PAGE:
The second explanation to the problem is also chronic across all schools but seems especially prevalent at UW - it is the tendency of all fanbases to over-value their own talent. I remember being struck with this notion during spring football practices last year in the midst of the run on injuries that the Husky squad endured. Amongst those injured was Nate Fellner (a name, I guarantee you, that I will have a very difficult time recognizing 10 years from now). When Nate went down, I was shocked to see the panic in the comments threads. While we all understood that the Husky LB corps was thin at the time, I couldn't comprehend the type of negative impact that many others were anticipating. I get that the reaction was really to the culmination of all the injuries but, seriously, you would have though Felix Hernandez's arm had just flown out of his socket and into the stands. A classic example of over ranking your own talent, Husky fans were collectively freaked out over an injury to a guy who, most likely, was never going to be an impact player.
The third explanation, and my personal favorite, is much more direct and, frankly, the most likely of all the explanations. The Huskies are cursed. Now, I'm not suggesting that they are stuck-in-perpetual-mediocrity-with-no-hope-for-breakthrough kind of cursed. We aren't Cal. I'm talking specifically about the types of curses that affect the individual student athlete and prevent them from realizing their potential at UW. This is clearly not a singular type of curse that hangs over the entire program for a millennium. Rather, it is a string of minor curses that eat away at the fabric of the various teams and cause great pain and consternation when the sum total of them is felt in the overall performance of any single team. Kavario Middleton - the Bonehead Curse. Kristi Kingma, Deontae Cooper and Colin Porter - The Brittle Body Curse. Spencer Hawes and Tony Wroten - the Diva Curse. Jake Locker - the Curse of Willingham. Abdul Gaddy and Keith Price - the Regression Curse. The 2011 MBB Team - the NCAA Hates UW Curse. These are just examples. There are many more if you just extend your gaze further back. Steve Emtman. Hope Solo. Jerramy Stevens. Billy Joe Hobert. Mark Pope. Brandon Roy. All of them ended up facing a different kind of adversity in their athletic lives - either during or after their college days - and all of them inextricably linked to the University of Washington.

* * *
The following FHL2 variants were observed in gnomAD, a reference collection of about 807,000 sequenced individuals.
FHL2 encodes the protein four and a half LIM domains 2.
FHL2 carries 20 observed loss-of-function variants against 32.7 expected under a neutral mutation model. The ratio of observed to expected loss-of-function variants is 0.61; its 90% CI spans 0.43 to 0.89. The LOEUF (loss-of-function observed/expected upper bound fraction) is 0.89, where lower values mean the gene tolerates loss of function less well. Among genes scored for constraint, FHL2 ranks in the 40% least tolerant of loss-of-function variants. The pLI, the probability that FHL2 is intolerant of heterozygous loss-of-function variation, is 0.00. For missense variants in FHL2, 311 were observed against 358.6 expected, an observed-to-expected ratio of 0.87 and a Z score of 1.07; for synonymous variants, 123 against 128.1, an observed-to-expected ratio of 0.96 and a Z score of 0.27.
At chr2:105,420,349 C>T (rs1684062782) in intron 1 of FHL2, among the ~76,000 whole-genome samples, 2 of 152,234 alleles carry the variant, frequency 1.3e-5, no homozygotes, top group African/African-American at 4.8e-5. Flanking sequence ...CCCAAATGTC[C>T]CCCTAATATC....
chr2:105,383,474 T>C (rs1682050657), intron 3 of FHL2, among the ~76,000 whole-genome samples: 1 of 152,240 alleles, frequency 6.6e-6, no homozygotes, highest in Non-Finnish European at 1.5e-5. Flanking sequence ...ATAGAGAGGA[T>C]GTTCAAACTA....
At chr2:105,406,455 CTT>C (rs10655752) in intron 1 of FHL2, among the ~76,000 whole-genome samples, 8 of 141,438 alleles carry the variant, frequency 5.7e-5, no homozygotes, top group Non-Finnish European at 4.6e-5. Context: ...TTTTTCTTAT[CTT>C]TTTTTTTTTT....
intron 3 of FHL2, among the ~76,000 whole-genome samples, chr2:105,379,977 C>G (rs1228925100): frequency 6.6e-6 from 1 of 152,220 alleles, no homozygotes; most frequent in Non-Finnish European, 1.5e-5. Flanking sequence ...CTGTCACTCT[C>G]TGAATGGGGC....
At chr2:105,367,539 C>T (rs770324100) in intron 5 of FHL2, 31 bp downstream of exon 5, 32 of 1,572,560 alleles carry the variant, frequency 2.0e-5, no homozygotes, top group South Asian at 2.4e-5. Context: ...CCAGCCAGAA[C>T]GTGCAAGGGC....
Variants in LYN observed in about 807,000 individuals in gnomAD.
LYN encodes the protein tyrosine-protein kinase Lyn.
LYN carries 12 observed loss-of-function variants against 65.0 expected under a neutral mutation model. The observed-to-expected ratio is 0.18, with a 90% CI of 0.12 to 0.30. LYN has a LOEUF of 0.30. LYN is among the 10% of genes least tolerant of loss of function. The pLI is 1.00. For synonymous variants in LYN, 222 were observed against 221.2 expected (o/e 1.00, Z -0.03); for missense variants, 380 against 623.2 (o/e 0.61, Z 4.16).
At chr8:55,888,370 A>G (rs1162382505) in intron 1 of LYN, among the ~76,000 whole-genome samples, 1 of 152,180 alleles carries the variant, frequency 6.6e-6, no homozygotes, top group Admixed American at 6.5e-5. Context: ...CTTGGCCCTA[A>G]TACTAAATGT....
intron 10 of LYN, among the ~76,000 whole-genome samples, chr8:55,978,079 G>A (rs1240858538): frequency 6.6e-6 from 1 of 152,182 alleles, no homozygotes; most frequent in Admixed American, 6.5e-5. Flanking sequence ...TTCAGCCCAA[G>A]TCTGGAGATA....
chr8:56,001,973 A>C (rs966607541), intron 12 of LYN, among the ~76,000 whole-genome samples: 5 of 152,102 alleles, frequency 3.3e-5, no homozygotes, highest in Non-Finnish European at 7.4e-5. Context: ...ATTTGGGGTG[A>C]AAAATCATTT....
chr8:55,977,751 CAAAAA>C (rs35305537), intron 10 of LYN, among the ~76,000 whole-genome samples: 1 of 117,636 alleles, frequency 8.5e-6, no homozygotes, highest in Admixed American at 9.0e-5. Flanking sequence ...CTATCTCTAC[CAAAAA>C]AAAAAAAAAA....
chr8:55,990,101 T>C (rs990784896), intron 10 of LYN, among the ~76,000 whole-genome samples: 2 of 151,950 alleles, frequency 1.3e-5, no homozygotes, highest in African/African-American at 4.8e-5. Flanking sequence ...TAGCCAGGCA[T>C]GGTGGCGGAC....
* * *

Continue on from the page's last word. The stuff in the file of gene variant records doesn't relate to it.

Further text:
Coincidence? I think not. Curses ... on us all.
Go ahead and feel sorry for yourself in the comments thread below.